Dubai: The demand for water in the UAE will likely double by 2030 to nine billion cubic metres per year, according to the environment ministry.
Currently, each resident uses approximately 364 litres per day, way above the global average of 200 litres per person per day.
The UAE lacks water as a natural resource and relies heavily on desalination and groundwater to meet the country's needs.
Demand at present is 4.5 billion cubic metres, said Mariam Al Shenasi, Undersecretary of the Ministry of Environment and Water.
She added that the UAE's high consumption rate is not even comparable to developed countries with a similar climate to the UAE so the ministry has launched a plan to push water conservation further and preserve the limited resources available.
The six-part plan to enhance water security involves controlling supply, improving efficient distribution, reducing production costs and protecting the environment to strengthen federal water policy and laws.
"The value of water and the need to conserve it in the UAE cannot be underestimated because of its scarcity and lack of rainfall to replenish wells," Mariam said.
Fifty one per cent of the UAE's water supply comes from groundwater, 37 per cent is desalinated by around 70 desalination plants in the country and 12 per cent is treated sewage water she said. The annual production cost of desalinating water is Dh11.8 billion, putting the cost of one cubic metre, or 1,000 litres of water at Dh7.16.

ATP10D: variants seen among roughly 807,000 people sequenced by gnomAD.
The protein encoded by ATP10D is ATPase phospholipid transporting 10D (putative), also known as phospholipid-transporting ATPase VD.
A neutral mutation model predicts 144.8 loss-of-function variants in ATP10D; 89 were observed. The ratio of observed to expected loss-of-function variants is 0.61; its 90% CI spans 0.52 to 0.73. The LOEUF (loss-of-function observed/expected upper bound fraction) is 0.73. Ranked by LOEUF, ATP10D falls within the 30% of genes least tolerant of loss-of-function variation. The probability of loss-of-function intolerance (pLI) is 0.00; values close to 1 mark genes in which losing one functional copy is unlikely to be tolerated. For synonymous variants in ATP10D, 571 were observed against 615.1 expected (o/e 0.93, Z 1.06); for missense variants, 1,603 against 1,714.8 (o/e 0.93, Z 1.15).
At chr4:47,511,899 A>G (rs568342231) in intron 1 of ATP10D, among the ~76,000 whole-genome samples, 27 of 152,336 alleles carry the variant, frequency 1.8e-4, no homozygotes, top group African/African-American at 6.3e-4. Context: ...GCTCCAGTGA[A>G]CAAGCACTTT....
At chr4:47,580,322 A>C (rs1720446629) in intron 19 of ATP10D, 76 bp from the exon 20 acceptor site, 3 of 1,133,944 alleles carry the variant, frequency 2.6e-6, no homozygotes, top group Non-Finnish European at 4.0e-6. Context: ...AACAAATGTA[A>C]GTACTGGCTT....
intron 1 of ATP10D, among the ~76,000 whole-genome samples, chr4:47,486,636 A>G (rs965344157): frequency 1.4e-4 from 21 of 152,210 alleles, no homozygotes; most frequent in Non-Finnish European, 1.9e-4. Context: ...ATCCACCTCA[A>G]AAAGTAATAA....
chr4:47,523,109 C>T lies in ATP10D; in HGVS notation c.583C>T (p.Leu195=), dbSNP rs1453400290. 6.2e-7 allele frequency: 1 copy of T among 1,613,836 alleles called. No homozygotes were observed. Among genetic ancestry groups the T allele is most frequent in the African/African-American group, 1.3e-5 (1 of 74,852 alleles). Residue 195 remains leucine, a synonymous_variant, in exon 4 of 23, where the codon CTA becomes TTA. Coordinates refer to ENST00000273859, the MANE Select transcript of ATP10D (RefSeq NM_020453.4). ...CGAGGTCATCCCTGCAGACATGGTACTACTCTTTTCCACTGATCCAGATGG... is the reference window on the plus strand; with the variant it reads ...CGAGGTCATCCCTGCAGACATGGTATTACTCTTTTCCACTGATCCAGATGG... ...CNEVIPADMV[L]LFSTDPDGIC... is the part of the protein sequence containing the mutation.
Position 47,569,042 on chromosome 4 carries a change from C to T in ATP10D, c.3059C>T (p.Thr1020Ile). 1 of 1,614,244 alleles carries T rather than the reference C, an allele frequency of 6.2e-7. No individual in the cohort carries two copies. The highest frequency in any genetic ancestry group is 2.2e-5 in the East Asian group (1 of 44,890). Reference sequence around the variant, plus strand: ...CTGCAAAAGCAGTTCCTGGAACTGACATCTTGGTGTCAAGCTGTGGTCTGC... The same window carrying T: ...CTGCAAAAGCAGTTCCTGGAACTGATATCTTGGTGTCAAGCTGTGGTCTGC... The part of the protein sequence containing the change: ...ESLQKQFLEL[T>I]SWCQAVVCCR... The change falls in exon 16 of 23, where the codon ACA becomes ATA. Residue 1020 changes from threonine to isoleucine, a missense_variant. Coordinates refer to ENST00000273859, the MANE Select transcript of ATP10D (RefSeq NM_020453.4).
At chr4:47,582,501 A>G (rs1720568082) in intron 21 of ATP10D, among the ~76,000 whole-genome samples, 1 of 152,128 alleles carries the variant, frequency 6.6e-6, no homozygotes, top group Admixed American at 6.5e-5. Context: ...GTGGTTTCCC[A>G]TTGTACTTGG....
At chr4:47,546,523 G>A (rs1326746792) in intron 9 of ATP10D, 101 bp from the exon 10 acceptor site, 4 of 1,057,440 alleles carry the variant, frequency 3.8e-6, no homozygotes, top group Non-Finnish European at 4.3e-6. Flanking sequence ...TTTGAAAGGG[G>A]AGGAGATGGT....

"Management of water resources has to be put in place to preserve this natural resource to achieve sustainable development," she said.
Waste water, or treated sewage water for irrigation, meets about 8 per cent of needs and has saved up to 136 million cubic metres of desalinated water.
However, the agricultural and beautification projects in the UAE that involve planting or ‘greening' the desert use up 60 per cent of available water supplies.
Farmers are being introduced to modern farming techniques to increase vegetable production such as hydroponic farming, where crops are planted in small amounts of nutrient heavy water instead of soil to boost yields, Mariam said.
Groundwater wells which have been depleted are being replenished with rainwater collected in 114 dams with a storage capacity equivalent to about 118 million cubic metres.
Sources of water:
- 51 per cent — groundwater
- 37 per cent — desalination
- 12 per cent — treated sewage water
Usage of water:
- 34 per cent — agriculture
- 32 per cent — domestic sector and industry
- 15 per cent — forestry
- 11 per cent — landscaping
- 8 per cent — other irrigation